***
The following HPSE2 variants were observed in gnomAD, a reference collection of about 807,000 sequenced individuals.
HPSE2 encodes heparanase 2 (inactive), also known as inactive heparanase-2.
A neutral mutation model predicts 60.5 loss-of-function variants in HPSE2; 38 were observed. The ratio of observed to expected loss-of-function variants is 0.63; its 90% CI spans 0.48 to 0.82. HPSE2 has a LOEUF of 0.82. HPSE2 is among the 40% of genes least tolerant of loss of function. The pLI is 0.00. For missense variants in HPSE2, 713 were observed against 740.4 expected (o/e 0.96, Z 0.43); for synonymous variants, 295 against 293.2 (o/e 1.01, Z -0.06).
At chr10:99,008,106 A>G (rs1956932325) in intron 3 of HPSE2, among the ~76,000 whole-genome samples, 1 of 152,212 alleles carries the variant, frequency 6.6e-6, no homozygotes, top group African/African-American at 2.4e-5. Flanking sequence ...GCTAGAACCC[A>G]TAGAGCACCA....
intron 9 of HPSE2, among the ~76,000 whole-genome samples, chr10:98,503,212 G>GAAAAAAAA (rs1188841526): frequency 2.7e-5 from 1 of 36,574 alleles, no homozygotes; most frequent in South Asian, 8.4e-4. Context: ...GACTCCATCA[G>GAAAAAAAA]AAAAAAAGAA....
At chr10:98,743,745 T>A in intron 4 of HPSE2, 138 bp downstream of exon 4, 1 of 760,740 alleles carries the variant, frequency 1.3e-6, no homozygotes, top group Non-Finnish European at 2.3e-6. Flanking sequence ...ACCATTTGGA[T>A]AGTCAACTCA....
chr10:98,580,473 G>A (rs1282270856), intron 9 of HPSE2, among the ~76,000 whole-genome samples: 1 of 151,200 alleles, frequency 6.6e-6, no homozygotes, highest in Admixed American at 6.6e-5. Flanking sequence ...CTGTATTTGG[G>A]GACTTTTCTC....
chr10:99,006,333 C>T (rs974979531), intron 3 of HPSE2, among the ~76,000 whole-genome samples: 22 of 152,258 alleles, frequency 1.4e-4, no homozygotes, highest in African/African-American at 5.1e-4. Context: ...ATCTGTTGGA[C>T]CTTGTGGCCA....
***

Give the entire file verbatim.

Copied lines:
The following HPSE2 variants were observed in gnomAD, a reference collection of about 807,000 sequenced individuals.
HPSE2 encodes heparanase 2 (inactive), also known as inactive heparanase-2.
A neutral mutation model predicts 60.5 loss-of-function variants in HPSE2; 38 were observed. The ratio of observed to expected loss-of-function variants is 0.63; its 90% CI spans 0.48 to 0.82. HPSE2 has a LOEUF of 0.82. HPSE2 is among the 40% of genes least tolerant of loss of function. The pLI is 0.00. For missense variants in HPSE2, 713 were observed against 740.4 expected (o/e 0.96, Z 0.43); for synonymous variants, 295 against 293.2 (o/e 1.01, Z -0.06).
At chr10:99,008,106 A>G (rs1956932325) in intron 3 of HPSE2, among the ~76,000 whole-genome samples, 1 of 152,212 alleles carries the variant, frequency 6.6e-6, no homozygotes, top group African/African-American at 2.4e-5. Flanking sequence ...GCTAGAACCC[A>G]TAGAGCACCA....
intron 9 of HPSE2, among the ~76,000 whole-genome samples, chr10:98,503,212 G>GAAAAAAAA (rs1188841526): frequency 2.7e-5 from 1 of 36,574 alleles, no homozygotes; most frequent in South Asian, 8.4e-4. Context: ...GACTCCATCA[G>GAAAAAAAA]AAAAAAAGAA....
At chr10:98,743,745 T>A in intron 4 of HPSE2, 138 bp downstream of exon 4, 1 of 760,740 alleles carries the variant, frequency 1.3e-6, no homozygotes, top group Non-Finnish European at 2.3e-6. Flanking sequence ...ACCATTTGGA[T>A]AGTCAACTCA....
chr10:98,580,473 G>A (rs1282270856), intron 9 of HPSE2, among the ~76,000 whole-genome samples: 1 of 151,200 alleles, frequency 6.6e-6, no homozygotes, highest in Admixed American at 6.6e-5. Flanking sequence ...CTGTATTTGG[G>A]GACTTTTCTC....
chr10:99,006,333 C>T (rs974979531), intron 3 of HPSE2, among the ~76,000 whole-genome samples: 22 of 152,258 alleles, frequency 1.4e-4, no homozygotes, highest in African/African-American at 5.1e-4. Context: ...ATCTGTTGGA[C>T]CTTGTGGCCA....